Books and movies have given us some classic villains. We love to see villains either find redemption or get justice in the end. Popular villains change over time; from Lord Voldemort, Agent Smith, the Joker, Darth Vader, and the Wicked Witch of the West to Richard III and Lady Macbeth.
The foods we eat have also had a long and changing list of villains over time. Coffee, eggs, butter, nuts, meat, salt, chocolate—all have spent time on lists of demonized foods, but nearly all have found some degree of redemption and aren’t nearly as detrimental to good health as once thought.
One villainous element of food that’s been blamed for myriad health problems is fat. For decades we were told to cut out fat and replace fatty foods with energy-producing carbs. The foundation for that villainy came from a 1967 Harvard review of research which was published in the New England Journal of Medicine. The report minimized the link between sugar and heart problems, and targeted saturated fat as the main cause of cardiovascular disease.
The problem, according to an article in JAMA Internal Medicine and reported by the New York Times, is that the Harvard research, which was bought and paid for by the sugar industry’s Sugar Research Foundation, drew false conclusions by implicating fatty foods. What the sugar industry and the Harvard researchers knew was that sugar was the culprit and a cause of cardiovascular disease and other health issues, not fat. The subsequent 50 years of misinformation resulted in skyrocketing levels of obesity, diabetes, and heart disease.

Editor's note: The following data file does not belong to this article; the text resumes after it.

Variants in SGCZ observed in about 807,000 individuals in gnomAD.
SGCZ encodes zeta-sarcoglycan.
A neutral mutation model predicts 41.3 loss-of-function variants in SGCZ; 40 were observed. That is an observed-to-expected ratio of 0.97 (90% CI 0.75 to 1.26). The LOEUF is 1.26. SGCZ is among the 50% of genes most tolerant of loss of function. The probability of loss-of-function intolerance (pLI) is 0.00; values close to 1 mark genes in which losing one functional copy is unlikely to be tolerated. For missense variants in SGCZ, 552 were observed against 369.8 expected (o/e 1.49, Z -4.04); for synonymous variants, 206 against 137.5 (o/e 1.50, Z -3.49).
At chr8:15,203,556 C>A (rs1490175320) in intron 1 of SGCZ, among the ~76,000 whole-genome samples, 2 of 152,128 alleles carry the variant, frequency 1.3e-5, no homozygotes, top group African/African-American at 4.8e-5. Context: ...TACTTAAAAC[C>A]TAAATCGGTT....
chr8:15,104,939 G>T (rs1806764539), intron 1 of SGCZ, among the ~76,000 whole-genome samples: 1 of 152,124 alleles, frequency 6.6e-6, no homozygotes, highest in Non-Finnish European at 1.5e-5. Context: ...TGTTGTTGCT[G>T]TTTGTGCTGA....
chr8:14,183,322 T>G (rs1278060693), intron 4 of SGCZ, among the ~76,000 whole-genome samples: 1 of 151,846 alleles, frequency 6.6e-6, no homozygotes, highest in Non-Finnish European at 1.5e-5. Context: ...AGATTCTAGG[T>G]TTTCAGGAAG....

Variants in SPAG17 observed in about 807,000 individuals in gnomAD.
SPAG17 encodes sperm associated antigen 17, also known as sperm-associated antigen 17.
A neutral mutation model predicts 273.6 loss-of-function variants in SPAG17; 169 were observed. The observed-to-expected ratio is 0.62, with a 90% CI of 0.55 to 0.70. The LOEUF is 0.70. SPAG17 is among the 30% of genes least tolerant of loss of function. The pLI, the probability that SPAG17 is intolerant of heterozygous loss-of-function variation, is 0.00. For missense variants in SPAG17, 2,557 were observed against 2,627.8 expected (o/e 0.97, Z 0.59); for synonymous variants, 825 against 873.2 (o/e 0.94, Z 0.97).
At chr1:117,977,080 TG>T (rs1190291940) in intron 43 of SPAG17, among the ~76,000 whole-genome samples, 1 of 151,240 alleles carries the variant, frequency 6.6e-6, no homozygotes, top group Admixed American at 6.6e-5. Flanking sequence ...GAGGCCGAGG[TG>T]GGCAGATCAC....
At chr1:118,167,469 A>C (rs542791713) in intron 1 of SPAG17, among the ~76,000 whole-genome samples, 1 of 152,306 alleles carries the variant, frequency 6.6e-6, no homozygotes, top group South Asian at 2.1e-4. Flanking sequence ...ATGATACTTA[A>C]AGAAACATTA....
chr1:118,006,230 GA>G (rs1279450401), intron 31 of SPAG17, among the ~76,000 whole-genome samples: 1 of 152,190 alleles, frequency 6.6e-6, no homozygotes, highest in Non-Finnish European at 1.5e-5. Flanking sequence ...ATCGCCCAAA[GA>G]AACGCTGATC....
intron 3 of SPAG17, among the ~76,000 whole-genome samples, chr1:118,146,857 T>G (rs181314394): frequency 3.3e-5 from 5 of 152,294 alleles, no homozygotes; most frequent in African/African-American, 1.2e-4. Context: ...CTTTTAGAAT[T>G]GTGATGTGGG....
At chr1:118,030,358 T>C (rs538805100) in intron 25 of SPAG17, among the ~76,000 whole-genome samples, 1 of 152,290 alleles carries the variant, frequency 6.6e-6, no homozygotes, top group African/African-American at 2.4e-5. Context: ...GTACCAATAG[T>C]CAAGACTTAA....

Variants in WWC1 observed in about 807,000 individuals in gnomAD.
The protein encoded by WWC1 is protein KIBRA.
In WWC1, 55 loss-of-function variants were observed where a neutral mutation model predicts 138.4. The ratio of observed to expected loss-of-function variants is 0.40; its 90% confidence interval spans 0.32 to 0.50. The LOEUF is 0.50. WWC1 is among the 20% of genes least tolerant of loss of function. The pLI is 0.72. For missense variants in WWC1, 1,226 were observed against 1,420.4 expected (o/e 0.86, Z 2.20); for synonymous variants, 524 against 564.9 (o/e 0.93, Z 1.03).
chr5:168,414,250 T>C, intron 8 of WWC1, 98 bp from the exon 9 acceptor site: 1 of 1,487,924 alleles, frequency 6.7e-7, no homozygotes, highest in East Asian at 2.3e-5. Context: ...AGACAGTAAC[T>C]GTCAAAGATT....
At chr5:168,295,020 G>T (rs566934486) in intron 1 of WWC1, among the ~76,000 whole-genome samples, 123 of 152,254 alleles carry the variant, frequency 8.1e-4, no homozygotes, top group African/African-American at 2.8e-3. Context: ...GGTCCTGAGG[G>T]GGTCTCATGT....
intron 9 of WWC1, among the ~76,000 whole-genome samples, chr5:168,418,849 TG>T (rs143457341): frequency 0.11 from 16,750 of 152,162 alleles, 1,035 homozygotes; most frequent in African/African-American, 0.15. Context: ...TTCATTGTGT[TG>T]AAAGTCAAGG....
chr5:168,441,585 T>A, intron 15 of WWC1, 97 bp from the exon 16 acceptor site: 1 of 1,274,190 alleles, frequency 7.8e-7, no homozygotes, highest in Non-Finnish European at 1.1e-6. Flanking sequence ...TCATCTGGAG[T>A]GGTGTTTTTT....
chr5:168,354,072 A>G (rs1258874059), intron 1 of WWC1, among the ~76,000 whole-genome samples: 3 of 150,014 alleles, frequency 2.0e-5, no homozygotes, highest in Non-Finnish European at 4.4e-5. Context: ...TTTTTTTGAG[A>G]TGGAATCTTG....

Today, we are all beginning to realize that the study which was a focus for five decades had misdirected our attention, and we’ve welcomed a real villain into our homes and our diets. With awareness, we can change our ways which years of eating sugar has caused.
Harvard has been in the lead in sounding the alarm that sugar increases the risk of an early death from heart disease, with Johns Hopkins and the Cleveland Clinic also playing an important role. And the Journal of the American Medical Association has also published data backing the relationship between sugar intake and cardiovascular disease.
The American Heart Association has been warning the public of the danger of added dietary sugars, and has determined that, for heart health, the daily sugar intake should be limited to no more than 9 teaspoons, or 36 grams, for men and 6 teaspoons, or 25 grams, for women.
Sugar causes multiple health problems, some of which can cause a domino effect leading to heart disease. Here’s how:
Sugar Contributes to Obesity
- Eating is like putting money in a bank. If you withdraw all the money you deposit, your balance will be $0. If you deposit more than you withdraw, your balance will increase. And if you burn the same number of calories you ingest, your weight will stay the same; however, if you ingest more calories than you burn, your weight will increase.
- Added sugars are empty calories. They provide no nutritional value.